When we compete as Americans for creativity and innovation in the marketplace of ideas, we see we have a stellar advantage due to our free-market system. You see, the free-market and capitalism rewards people with great ideas, who can solve problems and innovate, and sell their inventions and methods in our economy. All we have to do we show them the way, and let them compete in that same marketplace of ideas. That makes sense right?

It’s almost as if creativity and innovation is an extra lever to reignite a sense of nationalism and pride. The United States has always been on the leading-edge of invention, problem solving, and having a can-do attitude. It is practically the spirit of America, and it still shines. Some might say that too much nationalistic pride is not a good thing, but maybe it is when it comes to an underlining theme of problem solving, innovating, and creating new products and services. Not to mention the fact that it will provide more jobs as well, something that our economy needs right now.

Education is also a nice arena to uplift a nation for nationalistic pride, and it doesn’t hurt anyone else to compete for the most educated society. Luckily, America is quite good at all of these things, despite the detractors who might say that our society isn’t as educated is theirs, the reality is; “sure it is, look everywhere, America is winning.”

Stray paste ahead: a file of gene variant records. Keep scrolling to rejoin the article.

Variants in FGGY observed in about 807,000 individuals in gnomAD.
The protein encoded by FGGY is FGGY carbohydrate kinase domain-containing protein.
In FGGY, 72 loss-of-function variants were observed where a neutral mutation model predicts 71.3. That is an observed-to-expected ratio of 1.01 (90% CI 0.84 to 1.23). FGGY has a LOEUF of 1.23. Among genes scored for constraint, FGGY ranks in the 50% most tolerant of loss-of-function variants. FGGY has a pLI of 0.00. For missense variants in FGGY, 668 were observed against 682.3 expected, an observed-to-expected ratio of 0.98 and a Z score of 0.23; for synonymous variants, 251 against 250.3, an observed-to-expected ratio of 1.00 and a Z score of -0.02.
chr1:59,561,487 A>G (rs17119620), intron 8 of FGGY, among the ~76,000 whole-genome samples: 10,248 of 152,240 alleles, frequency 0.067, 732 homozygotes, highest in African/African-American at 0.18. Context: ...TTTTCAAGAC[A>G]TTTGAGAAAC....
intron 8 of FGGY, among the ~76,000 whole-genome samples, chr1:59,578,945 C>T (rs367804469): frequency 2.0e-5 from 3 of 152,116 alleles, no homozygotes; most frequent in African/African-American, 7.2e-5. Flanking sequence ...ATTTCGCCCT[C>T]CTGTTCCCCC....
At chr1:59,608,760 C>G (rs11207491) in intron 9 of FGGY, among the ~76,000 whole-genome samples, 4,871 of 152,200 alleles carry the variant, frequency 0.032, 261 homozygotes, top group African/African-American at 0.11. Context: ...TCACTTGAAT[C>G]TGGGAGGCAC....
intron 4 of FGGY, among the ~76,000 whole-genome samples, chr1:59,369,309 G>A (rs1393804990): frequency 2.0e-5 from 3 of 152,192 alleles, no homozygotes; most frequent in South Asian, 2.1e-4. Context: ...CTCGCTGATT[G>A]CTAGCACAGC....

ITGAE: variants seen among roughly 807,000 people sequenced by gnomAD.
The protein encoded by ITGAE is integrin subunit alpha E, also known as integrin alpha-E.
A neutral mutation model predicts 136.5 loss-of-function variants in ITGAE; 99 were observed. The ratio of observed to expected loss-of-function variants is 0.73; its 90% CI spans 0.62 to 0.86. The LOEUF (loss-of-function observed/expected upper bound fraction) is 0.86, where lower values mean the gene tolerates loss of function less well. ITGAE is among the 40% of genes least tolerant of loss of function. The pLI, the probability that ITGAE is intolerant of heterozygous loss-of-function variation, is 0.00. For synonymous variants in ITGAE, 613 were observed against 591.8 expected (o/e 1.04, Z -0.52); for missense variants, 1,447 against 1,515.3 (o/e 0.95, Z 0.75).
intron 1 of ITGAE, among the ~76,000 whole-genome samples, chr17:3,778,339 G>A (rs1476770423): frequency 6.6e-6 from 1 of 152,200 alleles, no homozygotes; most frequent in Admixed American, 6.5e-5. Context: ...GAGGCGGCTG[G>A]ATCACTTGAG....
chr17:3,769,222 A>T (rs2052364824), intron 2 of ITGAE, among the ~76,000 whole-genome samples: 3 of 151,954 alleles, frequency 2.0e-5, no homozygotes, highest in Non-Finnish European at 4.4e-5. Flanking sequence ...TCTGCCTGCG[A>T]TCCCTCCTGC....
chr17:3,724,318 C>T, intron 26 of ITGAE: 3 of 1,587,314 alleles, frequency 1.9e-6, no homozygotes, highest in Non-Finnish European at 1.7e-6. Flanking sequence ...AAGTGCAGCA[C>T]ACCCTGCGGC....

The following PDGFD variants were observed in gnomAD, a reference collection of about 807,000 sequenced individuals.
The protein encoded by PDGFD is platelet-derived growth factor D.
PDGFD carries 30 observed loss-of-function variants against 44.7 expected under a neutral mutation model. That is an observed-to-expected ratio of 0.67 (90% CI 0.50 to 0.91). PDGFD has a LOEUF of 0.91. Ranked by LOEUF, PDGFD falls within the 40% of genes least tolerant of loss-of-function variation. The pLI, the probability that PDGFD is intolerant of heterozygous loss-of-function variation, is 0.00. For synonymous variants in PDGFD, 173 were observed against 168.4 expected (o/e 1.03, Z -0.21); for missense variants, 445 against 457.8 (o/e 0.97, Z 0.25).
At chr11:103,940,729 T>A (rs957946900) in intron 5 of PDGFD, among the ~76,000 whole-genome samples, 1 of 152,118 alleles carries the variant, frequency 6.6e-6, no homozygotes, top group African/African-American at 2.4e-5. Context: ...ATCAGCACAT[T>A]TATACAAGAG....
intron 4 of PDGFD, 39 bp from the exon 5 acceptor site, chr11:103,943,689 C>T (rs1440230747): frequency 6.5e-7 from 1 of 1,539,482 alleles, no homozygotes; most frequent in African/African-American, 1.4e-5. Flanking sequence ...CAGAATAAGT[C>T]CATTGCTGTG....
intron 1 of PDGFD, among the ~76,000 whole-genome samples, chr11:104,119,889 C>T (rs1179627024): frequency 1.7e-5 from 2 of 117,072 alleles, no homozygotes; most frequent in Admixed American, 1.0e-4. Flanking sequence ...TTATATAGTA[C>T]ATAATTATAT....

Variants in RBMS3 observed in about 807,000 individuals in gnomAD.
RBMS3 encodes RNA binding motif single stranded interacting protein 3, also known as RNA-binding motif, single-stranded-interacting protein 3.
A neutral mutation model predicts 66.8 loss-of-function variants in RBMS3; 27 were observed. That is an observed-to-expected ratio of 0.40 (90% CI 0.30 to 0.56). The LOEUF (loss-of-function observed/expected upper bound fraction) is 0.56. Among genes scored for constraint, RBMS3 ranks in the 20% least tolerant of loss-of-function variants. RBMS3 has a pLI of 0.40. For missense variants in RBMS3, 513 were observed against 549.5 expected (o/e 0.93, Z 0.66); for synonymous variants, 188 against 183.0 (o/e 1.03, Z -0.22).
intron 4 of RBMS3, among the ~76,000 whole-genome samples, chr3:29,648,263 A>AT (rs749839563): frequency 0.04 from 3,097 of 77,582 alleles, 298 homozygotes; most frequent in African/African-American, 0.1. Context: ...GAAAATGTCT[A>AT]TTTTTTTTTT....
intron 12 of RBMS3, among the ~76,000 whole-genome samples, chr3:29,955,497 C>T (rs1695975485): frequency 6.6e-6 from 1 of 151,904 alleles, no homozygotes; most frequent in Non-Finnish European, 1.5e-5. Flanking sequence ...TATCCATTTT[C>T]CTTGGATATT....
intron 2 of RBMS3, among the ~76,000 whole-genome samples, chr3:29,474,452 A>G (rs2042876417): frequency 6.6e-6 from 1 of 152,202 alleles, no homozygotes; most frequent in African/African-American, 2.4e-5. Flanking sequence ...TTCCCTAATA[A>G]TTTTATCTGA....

Promoting creativity and innovation as a sense of nationalism I believe is a smart play for a great team – Team USA. It doesn’t hurt anyone else anywhere else in the world for us to do that. In fact, it might help them by setting the bar very high, and challenging them to do the same.

Let’s Make This the Era of Innovation for America!

Creativity and Innovation As a Competency

The S.C.R.E.A.M technique can assist you to direct your organization to come up with innovative solutions that will work effectively and productively. As long as you are in a leadership position you will need S.C.R.E.A.M to get to the root of the problem fast and find any ways and means to resolve that problem.

To be innovative and creative the first thing to do is to find areas in your work environment that provides opportunities to innovate. This can be anything ranging from your customer relationship management, new processes, and new services, improving your workflow, developing new products or improving the quality of your current product. The list is not exhaustive.

Once you find an area to innovate the next step is for you to identify and frame the opportunity. In doing this you have to come up with an action plan on how you are going to go about innovating. You will have to study your existing situation and do some forward thinking to see in what direction that you want to go. You will have to gather relevant data that will eventually allow you to come up with a workable solution. Once you have done this you need to implement the solution to see whether it works and if necessary rework the concept.

To assist you in this process S.C.R.E.A.M is an ideal tool. This is what you can do: